Nero Wolfe

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Midtown Manhattan (photo circa 1935), where most Nero Wolfe stories are set

Nero Wolfe is a fictional detective, created by the American mystery writer Rex Stout, who made his debut in 1934. Wolfe's assistant Archie Goodwin recorded the cases of the detective genius in 33 novels and 39 short stories written by Stout between 1934 and 1975, with most of them set in New York City.

This article collects quotes from the Nero Wolfe corpus.

Contents

Sourced[edit]

Fer-de-Lance[edit]

Fer-de-Lance is the first Nero Wolfe detective novel written by Rex Stout, published in 1934 by Farrar & Rinehart, Inc.

  • I am nobody's friend. How much can you pay?
    • Nero Wolfe, chapter 1
  • This is a pleasant surprise, Archie. I would not have believed it. That of course is the advantage of being a pessimist; a pessimist gets nothing but pleasant surprises, an optimist nothing but unpleasant.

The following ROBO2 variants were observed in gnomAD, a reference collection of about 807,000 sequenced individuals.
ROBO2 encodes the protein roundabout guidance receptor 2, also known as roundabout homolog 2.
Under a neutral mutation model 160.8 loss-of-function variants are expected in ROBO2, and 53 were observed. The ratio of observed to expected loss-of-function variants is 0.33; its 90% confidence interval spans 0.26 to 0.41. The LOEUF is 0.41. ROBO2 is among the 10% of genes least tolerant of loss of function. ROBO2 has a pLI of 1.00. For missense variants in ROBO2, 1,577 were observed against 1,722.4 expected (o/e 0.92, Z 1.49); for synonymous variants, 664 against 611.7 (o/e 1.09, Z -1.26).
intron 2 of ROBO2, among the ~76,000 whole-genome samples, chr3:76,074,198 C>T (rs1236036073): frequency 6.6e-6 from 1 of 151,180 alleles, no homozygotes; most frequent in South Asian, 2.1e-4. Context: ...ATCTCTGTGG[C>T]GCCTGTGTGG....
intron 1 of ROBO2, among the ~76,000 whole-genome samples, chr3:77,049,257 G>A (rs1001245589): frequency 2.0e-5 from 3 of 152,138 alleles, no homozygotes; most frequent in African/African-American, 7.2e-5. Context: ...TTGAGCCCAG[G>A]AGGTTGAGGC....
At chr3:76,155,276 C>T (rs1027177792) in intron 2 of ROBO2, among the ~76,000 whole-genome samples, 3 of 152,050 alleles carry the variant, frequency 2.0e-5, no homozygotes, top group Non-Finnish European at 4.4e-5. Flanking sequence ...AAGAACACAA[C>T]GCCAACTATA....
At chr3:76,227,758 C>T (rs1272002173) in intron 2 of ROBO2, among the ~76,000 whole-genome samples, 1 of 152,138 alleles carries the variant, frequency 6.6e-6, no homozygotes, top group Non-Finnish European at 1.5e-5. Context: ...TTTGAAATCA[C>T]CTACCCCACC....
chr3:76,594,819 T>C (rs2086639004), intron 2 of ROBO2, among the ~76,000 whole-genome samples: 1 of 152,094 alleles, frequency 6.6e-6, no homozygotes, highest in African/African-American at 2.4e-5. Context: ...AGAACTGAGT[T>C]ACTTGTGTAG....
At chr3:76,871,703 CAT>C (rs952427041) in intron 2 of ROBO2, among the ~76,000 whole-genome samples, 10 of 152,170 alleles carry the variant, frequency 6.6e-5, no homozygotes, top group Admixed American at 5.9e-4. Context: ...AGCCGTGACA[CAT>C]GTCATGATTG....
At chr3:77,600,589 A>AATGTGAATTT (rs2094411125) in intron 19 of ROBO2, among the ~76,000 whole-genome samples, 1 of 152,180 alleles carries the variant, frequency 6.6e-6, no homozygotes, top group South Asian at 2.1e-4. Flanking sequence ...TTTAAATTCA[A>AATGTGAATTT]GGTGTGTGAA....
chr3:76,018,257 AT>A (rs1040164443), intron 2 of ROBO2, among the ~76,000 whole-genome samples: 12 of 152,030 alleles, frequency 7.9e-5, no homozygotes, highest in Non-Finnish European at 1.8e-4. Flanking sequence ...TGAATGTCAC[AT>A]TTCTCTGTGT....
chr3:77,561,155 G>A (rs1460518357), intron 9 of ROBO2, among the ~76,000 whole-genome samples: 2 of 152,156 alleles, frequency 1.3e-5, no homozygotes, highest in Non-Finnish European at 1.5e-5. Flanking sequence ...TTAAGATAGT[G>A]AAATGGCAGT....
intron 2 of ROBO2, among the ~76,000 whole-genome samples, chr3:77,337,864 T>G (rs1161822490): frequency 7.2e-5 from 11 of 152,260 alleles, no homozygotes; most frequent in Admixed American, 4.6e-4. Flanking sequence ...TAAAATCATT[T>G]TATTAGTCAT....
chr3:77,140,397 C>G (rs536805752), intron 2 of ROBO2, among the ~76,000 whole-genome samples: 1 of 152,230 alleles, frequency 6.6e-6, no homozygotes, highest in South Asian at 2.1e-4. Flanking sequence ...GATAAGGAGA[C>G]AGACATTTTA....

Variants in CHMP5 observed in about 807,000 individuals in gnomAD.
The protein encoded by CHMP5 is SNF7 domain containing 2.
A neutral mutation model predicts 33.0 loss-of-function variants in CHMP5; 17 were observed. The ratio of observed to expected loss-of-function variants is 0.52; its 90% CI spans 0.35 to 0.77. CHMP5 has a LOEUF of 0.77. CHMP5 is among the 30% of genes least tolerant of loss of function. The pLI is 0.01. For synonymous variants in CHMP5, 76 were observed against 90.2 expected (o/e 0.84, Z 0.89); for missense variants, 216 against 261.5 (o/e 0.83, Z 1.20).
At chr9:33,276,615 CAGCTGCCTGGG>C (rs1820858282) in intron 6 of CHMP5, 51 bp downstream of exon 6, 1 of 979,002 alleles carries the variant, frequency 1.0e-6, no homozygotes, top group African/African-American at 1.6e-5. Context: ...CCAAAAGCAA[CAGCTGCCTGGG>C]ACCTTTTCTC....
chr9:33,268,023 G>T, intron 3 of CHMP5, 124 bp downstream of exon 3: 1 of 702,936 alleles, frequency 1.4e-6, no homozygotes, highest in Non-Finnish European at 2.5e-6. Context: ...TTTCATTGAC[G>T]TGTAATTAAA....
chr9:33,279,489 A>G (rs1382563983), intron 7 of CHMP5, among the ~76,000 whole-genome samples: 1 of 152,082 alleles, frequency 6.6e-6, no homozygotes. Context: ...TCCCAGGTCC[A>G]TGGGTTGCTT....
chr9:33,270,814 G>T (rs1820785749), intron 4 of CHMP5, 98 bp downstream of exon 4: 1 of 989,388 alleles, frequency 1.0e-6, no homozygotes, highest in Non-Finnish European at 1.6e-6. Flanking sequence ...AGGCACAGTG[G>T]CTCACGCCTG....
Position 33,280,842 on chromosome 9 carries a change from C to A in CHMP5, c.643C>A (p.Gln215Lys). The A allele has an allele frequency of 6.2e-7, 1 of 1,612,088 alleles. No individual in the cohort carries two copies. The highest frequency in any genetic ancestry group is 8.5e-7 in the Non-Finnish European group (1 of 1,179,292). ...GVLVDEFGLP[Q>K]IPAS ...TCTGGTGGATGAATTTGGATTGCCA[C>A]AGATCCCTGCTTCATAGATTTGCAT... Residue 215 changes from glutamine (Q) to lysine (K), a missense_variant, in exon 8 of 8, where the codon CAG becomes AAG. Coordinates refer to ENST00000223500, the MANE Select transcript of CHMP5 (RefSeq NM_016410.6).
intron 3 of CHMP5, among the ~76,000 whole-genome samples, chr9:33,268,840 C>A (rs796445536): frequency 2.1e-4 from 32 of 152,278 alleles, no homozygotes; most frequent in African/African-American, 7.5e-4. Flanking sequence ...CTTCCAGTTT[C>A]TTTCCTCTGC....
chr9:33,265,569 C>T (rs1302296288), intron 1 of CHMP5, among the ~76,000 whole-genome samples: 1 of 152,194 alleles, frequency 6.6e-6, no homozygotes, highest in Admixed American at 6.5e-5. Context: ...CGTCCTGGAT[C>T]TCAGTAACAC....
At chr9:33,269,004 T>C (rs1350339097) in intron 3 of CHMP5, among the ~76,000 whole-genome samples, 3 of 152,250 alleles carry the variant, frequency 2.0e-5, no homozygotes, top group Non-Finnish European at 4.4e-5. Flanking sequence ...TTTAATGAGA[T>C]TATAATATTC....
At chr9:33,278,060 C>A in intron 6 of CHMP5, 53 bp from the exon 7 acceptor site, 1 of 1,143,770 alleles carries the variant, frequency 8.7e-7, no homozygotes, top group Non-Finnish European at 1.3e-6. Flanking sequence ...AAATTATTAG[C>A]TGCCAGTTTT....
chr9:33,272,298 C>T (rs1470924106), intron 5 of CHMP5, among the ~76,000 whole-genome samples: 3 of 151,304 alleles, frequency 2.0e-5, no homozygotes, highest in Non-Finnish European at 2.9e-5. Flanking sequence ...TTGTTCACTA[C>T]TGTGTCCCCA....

• Nero Wolfe, chapter 1
  • I understand the technique of eccentricity; it would be futile for a man to labor at establishing a reputation for oddity if he were ready at the slightest provocation to revert to normal action.
    • Nero Wolfe, chapter 5
  • If I were to begin borrowing money I would end by devising means of persuading the Secretary of the Treasury to lend me the gold reserve.
    • Nero Wolfe, chapter 12
  • Compose yourself, Archie. Why taunt me? Why upbraid me? I am merely a genius, not a god. A genius may discover the hidden secrets and display them; only a god could create new ones.
    • Nero Wolfe, chapter 15
  • Remember that those of us who are both civilized and prudent commit our murders only under the complicated rules which permit us to avoid personal responsibility.
    • Nero Wolfe, chapter 16
  • You stick to it, Archie, like a leech to an udder.
    • Nero Wolfe, chapter 19

The League of Frightened Men[edit]